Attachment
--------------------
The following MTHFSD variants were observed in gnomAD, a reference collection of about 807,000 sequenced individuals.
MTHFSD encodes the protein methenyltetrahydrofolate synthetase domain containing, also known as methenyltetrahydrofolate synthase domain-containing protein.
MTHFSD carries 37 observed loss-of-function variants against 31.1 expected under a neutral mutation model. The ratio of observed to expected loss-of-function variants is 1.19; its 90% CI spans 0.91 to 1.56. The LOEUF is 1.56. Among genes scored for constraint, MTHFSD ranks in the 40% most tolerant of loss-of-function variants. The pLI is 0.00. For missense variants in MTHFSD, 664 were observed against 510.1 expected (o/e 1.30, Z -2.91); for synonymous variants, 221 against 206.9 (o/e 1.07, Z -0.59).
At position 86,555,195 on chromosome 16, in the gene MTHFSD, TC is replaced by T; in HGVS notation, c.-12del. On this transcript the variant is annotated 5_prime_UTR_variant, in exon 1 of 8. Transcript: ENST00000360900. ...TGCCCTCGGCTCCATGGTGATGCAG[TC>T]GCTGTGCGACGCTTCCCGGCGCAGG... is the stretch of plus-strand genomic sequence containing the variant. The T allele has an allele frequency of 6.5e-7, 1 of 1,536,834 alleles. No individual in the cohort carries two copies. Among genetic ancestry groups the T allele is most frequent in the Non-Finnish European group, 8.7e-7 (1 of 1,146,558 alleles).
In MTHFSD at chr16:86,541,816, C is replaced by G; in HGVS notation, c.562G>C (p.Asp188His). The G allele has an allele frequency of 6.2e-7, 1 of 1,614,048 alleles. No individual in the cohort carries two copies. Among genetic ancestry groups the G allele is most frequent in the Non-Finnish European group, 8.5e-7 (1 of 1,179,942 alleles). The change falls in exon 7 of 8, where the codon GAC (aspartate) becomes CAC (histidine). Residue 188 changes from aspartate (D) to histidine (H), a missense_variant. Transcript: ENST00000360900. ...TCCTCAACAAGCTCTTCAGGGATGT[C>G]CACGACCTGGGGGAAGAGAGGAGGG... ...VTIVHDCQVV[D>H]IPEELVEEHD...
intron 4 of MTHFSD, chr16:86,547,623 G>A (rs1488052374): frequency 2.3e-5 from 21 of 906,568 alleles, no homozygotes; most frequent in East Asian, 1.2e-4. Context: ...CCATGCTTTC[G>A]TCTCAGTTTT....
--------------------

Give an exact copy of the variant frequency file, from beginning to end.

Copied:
The following MTHFSD variants were observed in gnomAD, a reference collection of about 807,000 sequenced individuals.
MTHFSD encodes the protein methenyltetrahydrofolate synthetase domain containing, also known as methenyltetrahydrofolate synthase domain-containing protein.
MTHFSD carries 37 observed loss-of-function variants against 31.1 expected under a neutral mutation model. The ratio of observed to expected loss-of-function variants is 1.19; its 90% CI spans 0.91 to 1.56. The LOEUF is 1.56. Among genes scored for constraint, MTHFSD ranks in the 40% most tolerant of loss-of-function variants. The pLI is 0.00. For missense variants in MTHFSD, 664 were observed against 510.1 expected (o/e 1.30, Z -2.91); for synonymous variants, 221 against 206.9 (o/e 1.07, Z -0.59).
At position 86,555,195 on chromosome 16, in the gene MTHFSD, TC is replaced by T; in HGVS notation, c.-12del. On this transcript the variant is annotated 5_prime_UTR_variant, in exon 1 of 8. Transcript: ENST00000360900. ...TGCCCTCGGCTCCATGGTGATGCAG[TC>T]GCTGTGCGACGCTTCCCGGCGCAGG... is the stretch of plus-strand genomic sequence containing the variant. The T allele has an allele frequency of 6.5e-7, 1 of 1,536,834 alleles. No individual in the cohort carries two copies. Among genetic ancestry groups the T allele is most frequent in the Non-Finnish European group, 8.7e-7 (1 of 1,146,558 alleles).
In MTHFSD at chr16:86,541,816, C is replaced by G; in HGVS notation, c.562G>C (p.Asp188His). The G allele has an allele frequency of 6.2e-7, 1 of 1,614,048 alleles. No individual in the cohort carries two copies. Among genetic ancestry groups the G allele is most frequent in the Non-Finnish European group, 8.5e-7 (1 of 1,179,942 alleles). The change falls in exon 7 of 8, where the codon GAC (aspartate) becomes CAC (histidine). Residue 188 changes from aspartate (D) to histidine (H), a missense_variant. Transcript: ENST00000360900. ...TCCTCAACAAGCTCTTCAGGGATGT[C>G]CACGACCTGGGGGAAGAGAGGAGGG... ...VTIVHDCQVV[D>H]IPEELVEEHD...
intron 4 of MTHFSD, chr16:86,547,623 G>A (rs1488052374): frequency 2.3e-5 from 21 of 906,568 alleles, no homozygotes; most frequent in East Asian, 1.2e-4. Context: ...CCATGCTTTC[G>A]TCTCAGTTTT....